Document Type

Article

Department

Centre for Regenerative Medicine

Abstract

Controversial evidence points to a possible involvement of methylmercury (MeHg) in the etiopathogenesis of autism spectrum disorders (ASD). In the present study, we used human neuroepithelial stem cells from healthy donors and from an autistic patient bearing a bi-allelic deletion in the gene encoding for NRXN1 to evaluate whether MeHg would induce cellular changes comparable to those seen in cells derived from the ASD patient. In healthy cells, a subcytotoxic concentration of MeHg enhanced astroglial differentiation similarly to what observed in the diseased cells (N1), as shown by the number of GFAP positive cells and immunofluorescence signal intensity. In both healthy MeHg-treated and N1 untreated cells, aberrations in Notch pathway activity seemed to play a critical role in promoting the differentiation toward glia. Accordingly, treatment with the established Notch inhibitor DAPT reversed the altered differentiation. Although our data are not conclusive since only one of the genes involved in ASD is considered, the results provide novel evidence suggesting that developmental exposure to MeHg, even at subcytotoxic concentrations, induces alterations in astroglial differentiation similar to those observed in ASD.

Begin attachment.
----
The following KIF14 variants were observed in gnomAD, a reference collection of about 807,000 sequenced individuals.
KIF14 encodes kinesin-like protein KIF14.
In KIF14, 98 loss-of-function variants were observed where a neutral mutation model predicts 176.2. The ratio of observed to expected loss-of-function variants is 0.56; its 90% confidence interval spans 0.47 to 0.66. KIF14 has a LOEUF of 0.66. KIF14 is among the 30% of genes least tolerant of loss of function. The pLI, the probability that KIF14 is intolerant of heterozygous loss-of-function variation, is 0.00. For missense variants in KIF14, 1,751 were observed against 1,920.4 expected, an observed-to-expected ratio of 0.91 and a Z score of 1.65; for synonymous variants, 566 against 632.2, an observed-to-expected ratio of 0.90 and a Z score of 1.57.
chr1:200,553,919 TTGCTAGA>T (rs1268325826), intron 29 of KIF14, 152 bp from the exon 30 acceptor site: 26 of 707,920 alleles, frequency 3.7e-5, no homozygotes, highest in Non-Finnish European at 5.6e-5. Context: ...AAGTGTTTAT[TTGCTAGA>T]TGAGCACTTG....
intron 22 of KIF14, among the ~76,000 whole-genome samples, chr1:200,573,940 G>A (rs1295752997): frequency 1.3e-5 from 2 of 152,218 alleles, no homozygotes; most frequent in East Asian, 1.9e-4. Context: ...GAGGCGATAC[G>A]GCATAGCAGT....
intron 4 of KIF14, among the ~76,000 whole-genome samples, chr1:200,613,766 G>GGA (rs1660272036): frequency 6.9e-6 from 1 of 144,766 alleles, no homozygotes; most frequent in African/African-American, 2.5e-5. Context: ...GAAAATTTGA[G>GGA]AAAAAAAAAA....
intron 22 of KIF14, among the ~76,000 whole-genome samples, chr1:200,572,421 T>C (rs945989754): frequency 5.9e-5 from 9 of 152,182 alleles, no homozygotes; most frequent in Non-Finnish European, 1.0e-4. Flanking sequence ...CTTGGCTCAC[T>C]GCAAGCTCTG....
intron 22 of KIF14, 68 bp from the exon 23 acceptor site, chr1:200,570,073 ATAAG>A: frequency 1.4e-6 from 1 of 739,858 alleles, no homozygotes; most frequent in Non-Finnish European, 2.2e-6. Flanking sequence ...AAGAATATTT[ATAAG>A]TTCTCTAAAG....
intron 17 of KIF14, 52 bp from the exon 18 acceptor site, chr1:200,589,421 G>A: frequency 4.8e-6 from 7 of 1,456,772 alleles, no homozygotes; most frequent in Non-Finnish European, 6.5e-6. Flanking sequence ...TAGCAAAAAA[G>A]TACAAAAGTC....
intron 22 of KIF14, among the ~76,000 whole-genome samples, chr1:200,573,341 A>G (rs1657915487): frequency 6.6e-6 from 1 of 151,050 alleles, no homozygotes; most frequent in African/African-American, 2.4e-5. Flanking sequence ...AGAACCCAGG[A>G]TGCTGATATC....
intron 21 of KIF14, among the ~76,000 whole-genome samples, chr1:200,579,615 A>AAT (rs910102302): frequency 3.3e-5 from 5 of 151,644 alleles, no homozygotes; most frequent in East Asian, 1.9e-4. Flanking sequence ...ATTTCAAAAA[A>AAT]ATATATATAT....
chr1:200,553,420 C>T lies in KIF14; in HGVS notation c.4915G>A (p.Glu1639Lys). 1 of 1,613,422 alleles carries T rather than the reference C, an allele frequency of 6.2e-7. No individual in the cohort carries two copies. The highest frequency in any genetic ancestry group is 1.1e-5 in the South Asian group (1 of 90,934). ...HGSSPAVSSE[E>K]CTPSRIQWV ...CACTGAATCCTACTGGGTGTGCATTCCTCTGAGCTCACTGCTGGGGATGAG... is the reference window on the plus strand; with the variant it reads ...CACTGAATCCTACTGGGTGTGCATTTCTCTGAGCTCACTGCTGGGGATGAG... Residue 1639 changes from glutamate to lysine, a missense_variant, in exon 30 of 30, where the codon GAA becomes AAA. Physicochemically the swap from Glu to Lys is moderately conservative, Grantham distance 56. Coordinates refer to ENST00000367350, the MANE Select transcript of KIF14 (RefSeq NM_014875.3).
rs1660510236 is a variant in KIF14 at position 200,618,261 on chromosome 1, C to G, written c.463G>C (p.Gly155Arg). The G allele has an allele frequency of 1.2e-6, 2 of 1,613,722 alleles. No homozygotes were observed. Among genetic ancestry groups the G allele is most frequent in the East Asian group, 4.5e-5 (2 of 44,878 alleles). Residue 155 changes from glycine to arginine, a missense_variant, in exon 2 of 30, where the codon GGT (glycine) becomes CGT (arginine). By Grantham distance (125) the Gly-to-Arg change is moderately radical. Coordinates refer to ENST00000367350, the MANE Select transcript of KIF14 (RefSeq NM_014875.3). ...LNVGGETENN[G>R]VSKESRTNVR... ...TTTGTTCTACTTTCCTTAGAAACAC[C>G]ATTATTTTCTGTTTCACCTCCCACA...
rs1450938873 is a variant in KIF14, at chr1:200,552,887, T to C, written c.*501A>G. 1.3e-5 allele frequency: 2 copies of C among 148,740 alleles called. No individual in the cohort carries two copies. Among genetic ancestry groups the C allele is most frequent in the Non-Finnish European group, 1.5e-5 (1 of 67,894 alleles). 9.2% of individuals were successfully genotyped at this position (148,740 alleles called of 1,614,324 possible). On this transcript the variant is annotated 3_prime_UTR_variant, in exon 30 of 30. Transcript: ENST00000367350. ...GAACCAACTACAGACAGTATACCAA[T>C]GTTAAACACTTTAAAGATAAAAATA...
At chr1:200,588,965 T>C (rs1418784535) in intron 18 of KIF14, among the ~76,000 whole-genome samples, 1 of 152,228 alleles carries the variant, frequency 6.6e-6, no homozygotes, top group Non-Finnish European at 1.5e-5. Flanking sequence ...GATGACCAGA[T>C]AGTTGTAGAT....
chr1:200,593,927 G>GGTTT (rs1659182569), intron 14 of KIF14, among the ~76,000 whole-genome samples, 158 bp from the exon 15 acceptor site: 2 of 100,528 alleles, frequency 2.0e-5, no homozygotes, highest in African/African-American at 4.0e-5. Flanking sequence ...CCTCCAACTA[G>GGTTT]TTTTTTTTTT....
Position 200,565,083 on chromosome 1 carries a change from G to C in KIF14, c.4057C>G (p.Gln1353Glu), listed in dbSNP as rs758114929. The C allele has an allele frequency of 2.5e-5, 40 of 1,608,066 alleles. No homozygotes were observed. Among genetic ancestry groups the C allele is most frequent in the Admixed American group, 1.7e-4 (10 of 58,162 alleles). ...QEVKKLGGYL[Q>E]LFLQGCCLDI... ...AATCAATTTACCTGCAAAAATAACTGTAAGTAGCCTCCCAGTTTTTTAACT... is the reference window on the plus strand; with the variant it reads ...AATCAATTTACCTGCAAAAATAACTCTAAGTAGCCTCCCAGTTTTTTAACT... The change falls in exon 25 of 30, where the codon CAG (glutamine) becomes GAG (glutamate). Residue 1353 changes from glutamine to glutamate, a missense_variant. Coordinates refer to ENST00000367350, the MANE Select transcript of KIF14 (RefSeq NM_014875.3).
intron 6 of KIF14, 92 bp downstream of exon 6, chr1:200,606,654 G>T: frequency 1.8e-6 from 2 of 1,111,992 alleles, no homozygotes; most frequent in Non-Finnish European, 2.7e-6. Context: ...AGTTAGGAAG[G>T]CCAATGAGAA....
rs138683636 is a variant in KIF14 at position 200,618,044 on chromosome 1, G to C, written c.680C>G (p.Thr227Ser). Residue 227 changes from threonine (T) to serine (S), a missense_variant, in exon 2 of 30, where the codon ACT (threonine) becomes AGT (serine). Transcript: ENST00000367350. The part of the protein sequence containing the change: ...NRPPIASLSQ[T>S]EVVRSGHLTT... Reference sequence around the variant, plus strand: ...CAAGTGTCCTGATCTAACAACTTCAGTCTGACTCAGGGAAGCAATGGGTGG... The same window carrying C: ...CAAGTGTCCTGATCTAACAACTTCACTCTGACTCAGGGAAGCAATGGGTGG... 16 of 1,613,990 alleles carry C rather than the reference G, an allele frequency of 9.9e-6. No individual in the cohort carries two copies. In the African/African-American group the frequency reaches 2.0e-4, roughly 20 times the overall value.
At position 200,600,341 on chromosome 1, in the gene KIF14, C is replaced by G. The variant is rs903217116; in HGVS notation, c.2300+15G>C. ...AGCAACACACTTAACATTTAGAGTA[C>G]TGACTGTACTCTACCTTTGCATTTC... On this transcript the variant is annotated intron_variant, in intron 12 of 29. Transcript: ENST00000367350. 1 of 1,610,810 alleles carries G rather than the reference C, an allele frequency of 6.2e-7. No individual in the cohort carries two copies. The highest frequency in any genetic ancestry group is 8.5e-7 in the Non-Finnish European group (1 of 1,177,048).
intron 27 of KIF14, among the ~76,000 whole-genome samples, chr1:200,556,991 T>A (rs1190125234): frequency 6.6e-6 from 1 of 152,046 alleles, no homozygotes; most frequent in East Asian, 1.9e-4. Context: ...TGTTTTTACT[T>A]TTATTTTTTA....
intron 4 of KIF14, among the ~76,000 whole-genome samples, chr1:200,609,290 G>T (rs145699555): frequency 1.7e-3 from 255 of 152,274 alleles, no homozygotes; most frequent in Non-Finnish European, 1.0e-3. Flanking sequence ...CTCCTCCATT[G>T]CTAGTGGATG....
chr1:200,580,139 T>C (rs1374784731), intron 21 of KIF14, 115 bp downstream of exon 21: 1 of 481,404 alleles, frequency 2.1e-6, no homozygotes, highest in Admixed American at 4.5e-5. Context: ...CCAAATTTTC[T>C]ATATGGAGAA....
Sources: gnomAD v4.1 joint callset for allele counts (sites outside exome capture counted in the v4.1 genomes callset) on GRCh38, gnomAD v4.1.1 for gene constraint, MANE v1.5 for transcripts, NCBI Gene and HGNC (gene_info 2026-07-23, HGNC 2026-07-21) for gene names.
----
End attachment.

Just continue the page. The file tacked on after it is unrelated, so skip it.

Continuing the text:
Comments

Issue, and pagination are not provided by the author/publisher

Publication

Frontiers in Genetics

Creative Commons License

Creative Commons Attribution 4.0 International License
This work is licensed under a Creative Commons Attribution 4.0 International License.

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